CoC: ...but Nick really does have a very brutal, intense style of drumming, and I think that kind of work has really informed the last two albums. There's a lot of speed, a lot of use of blastbeats and that sort of thing.

Shagrath: Yeah, definitely. We are just able to do a bit more things like that than before. So that can also show in the albums.

CoC: OK, we're gonna go onto titles and album covers, briefly. Using the three-word string titles <Shagrath begins to chuckle> -- I'm sure you've been asked this before, but with the last album there was (and I don't know whether it was realised in the band) a certain incongruity with the way that the title ended up sounding, because of the word "puritanical". I think, by comparison, this time you've gone for a much more simply understandable title.

Shagrath: Which we did on purpose, because I mean, it's basically too hard for people to pronounce, read and understand the title for the previous one, so we thought it would be better to have a more primitive title this time -- not one that people don't understand.

CoC: I know what you're saying; but was it also prompted by the fact that the last album, ultimately, the title didn't quite make sense, as well?

Shagrath: It's basically opposites against each other, you know.

CoC: It did seem like a bit of a contradiction in terms, intentionally, 'cause "puritanical... misanthropia" is an interesting connection, if you see what I mean.

Shagrath: Yeah. <laughs>

CoC: Another thing, on the issue of the band developing: when you played live in London (it was April 2000, I believe) you did a strange thing. You started off playing old material at the very beginning of the set; then you took a break, almost like a band would for an encore -- but half an hour or so in, and with the intro from _PEM_ covering the near-three-minute gap; and then you came on to play the first track proper of _PEM_. Has there been any conscious division of the Dimmu Borgir material since _PEM_, because of the addition of the orchestra and things?

Shagrath: Well, basically, for the live thing, it's a good thing to start up with something old that people maybe have been listening to for ages, you know. So they can get into it more easily, rather than listening to a new album, and then you have a tour and it's so fresh that you might not even remember the songs. It's better to basically start off the tour with something old that the audience will recognise, then kick off with newer stuff later in the set. And then also, end the set again with a... -famous- song, you know? Or one of the most famous songs that people know: that's also a good thing because then it kind of becomes a good for the whole show.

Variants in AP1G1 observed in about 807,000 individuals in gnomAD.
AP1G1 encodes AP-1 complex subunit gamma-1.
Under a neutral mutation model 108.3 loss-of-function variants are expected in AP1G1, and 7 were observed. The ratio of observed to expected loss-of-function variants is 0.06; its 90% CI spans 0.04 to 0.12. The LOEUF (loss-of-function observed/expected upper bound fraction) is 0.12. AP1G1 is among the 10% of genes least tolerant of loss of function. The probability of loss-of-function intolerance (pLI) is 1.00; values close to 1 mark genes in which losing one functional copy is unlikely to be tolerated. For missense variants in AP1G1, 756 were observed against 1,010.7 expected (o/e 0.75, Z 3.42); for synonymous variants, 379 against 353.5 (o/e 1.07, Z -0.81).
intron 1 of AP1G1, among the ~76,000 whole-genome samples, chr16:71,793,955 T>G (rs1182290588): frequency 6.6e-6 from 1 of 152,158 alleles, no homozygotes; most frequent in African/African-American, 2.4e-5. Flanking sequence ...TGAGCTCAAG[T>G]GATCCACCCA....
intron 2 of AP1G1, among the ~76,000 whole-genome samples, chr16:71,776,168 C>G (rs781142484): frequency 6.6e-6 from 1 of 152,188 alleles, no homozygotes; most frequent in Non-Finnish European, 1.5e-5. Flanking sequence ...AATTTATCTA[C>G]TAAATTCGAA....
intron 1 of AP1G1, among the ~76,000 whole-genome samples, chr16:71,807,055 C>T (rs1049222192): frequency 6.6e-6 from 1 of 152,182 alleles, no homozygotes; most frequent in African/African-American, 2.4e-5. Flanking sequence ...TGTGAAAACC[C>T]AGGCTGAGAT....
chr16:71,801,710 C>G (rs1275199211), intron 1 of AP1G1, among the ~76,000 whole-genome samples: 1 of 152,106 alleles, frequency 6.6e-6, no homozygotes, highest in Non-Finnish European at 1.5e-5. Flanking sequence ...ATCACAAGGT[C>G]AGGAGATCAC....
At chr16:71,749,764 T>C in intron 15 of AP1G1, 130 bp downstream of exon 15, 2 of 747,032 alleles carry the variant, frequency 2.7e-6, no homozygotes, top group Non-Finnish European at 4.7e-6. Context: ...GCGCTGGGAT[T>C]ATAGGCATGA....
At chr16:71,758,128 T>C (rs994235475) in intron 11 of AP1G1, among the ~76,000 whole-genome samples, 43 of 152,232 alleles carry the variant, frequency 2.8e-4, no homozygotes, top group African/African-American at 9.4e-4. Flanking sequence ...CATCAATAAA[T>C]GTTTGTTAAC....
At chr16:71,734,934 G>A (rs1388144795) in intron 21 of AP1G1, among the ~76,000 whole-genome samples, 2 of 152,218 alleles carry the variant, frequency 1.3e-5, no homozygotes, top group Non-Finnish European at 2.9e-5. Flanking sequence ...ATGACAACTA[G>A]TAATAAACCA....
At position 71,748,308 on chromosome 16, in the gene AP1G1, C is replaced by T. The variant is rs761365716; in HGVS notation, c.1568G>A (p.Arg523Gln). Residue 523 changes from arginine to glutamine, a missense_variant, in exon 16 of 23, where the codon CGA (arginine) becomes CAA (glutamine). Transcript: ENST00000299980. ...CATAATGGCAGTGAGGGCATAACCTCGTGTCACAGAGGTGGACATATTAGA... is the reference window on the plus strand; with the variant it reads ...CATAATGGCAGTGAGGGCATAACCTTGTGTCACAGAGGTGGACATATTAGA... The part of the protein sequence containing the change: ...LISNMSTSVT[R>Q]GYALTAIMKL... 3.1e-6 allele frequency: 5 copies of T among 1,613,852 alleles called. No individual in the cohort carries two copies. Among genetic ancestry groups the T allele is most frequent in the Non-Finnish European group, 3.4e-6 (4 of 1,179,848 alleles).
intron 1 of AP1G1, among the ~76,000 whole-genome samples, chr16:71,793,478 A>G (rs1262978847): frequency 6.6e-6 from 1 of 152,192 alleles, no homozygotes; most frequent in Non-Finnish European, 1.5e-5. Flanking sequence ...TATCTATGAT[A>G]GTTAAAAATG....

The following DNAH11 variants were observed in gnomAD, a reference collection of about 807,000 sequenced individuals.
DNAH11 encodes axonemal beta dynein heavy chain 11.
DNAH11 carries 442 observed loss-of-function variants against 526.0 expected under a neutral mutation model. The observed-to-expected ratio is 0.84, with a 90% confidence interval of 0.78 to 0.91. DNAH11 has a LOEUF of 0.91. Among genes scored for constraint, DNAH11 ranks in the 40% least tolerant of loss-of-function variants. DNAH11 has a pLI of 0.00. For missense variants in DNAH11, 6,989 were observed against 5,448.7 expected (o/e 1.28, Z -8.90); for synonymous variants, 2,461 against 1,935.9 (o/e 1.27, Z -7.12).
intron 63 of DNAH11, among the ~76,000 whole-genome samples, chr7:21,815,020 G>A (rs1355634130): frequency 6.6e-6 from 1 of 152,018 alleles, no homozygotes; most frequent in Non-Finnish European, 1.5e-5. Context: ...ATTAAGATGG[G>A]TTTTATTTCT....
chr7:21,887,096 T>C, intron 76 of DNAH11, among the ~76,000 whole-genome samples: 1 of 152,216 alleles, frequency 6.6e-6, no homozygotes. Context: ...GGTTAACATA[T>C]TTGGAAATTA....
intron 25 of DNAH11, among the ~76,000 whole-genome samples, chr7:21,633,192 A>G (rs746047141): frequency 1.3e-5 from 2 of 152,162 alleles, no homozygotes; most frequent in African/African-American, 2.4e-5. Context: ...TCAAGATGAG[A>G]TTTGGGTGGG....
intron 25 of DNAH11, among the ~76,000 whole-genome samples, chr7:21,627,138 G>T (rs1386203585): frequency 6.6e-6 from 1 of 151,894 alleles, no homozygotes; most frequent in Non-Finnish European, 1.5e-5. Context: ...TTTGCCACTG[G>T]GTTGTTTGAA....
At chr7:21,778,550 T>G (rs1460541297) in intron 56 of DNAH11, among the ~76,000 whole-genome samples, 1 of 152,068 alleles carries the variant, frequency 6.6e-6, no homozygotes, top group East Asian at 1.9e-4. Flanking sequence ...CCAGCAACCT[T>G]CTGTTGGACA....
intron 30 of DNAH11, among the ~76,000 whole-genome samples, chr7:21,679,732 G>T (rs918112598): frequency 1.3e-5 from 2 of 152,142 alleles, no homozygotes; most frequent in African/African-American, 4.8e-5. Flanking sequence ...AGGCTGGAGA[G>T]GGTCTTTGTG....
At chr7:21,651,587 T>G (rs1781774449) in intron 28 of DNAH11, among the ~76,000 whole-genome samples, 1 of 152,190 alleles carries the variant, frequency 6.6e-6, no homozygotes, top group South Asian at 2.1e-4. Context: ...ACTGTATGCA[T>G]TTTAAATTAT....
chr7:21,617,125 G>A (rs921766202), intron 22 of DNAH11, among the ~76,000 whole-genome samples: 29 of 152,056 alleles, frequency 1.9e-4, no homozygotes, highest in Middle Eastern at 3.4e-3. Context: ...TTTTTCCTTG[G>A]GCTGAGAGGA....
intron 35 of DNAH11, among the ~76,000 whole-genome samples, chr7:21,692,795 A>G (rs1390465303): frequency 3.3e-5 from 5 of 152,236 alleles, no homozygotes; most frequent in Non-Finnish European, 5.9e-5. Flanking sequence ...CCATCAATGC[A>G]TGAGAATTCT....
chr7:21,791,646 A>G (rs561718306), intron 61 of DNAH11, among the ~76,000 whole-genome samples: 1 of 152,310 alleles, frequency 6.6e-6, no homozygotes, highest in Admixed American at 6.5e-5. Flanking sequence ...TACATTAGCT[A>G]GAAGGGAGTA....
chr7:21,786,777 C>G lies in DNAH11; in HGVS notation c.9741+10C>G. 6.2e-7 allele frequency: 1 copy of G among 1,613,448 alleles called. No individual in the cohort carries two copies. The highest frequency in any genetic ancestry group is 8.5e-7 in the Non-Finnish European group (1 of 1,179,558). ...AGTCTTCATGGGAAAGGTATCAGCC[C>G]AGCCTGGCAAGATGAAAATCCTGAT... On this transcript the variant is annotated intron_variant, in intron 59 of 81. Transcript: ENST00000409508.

CoC: Everyone goes out on a high note, kinda thing.

Shagrath: Yeah.

CoC: I know what you mean. The other thing I was gonna ask you about, about the London show, was -- and people disagreed in their opinions of this, but quite a few people actually did leave early; and to my mind at least, the response was a little bit muted. I was curious how you felt about that: the show in 2000 with Nevermore, Lacuna Coil and In Flames?

Shagrath: I think it was a good tour, but I can't say I remember that show specifically, so...

CoC: Fair enough.

Shagrath: I don't really remember any show we do, specifically: it's the same procedure every day, you know, so it kind of slips your mind, so to speak. But I think the tour -- if there was something completely wrong I would have remembered it, but I think it was pretty good, actually.

CoC: Fair enough.

Shagrath: As far as I can remember, anyway. <laughs>

CoC: I understand. The other thing I was gonna talk about briefly was the stage set-up for that show -- which I really didn't quite understand. You had a really big stage, and you had keyboards at the back on one side, and drums on the other, and the band at the front. I wondered whether the stage set-up in general was a big issue for the band, because it's become something, again, part of Cradle of Filth's work, but also part of other bands who've become bigger recently, in similar markets.

Shagrath: It's basically just a set-up, because we are six people and the keyboard riser is just as big as the drum riser, which means you can't have the drums in the middle, because there has to be some space for everybody, you know? For people to walk and also for both of the risers in the back, and also maybe other things you have on stage like lights and monitors and all that. So it's basically just because it's that set-up for us, you know. <chortles>

CoC: I know what you're saying, but have you ever thought of going into a more arranged stage set-up; 'cause it's something Dimmu Borgir could go into? Like adding aspects of circus or carnival so that, visually, it's more of a performance?

Shagrath: Well, the bigger the budget, the better it will be, you know. That's basically all I can say. It's all about the budget: what we are able to afford. But of course we want to give our fans as much as possible.

CoC: Absolutely.

Shagrath: So I mean, if we had a million bucks to spend on each show on visual effects then we would do that, you know?

CoC: Absolutely.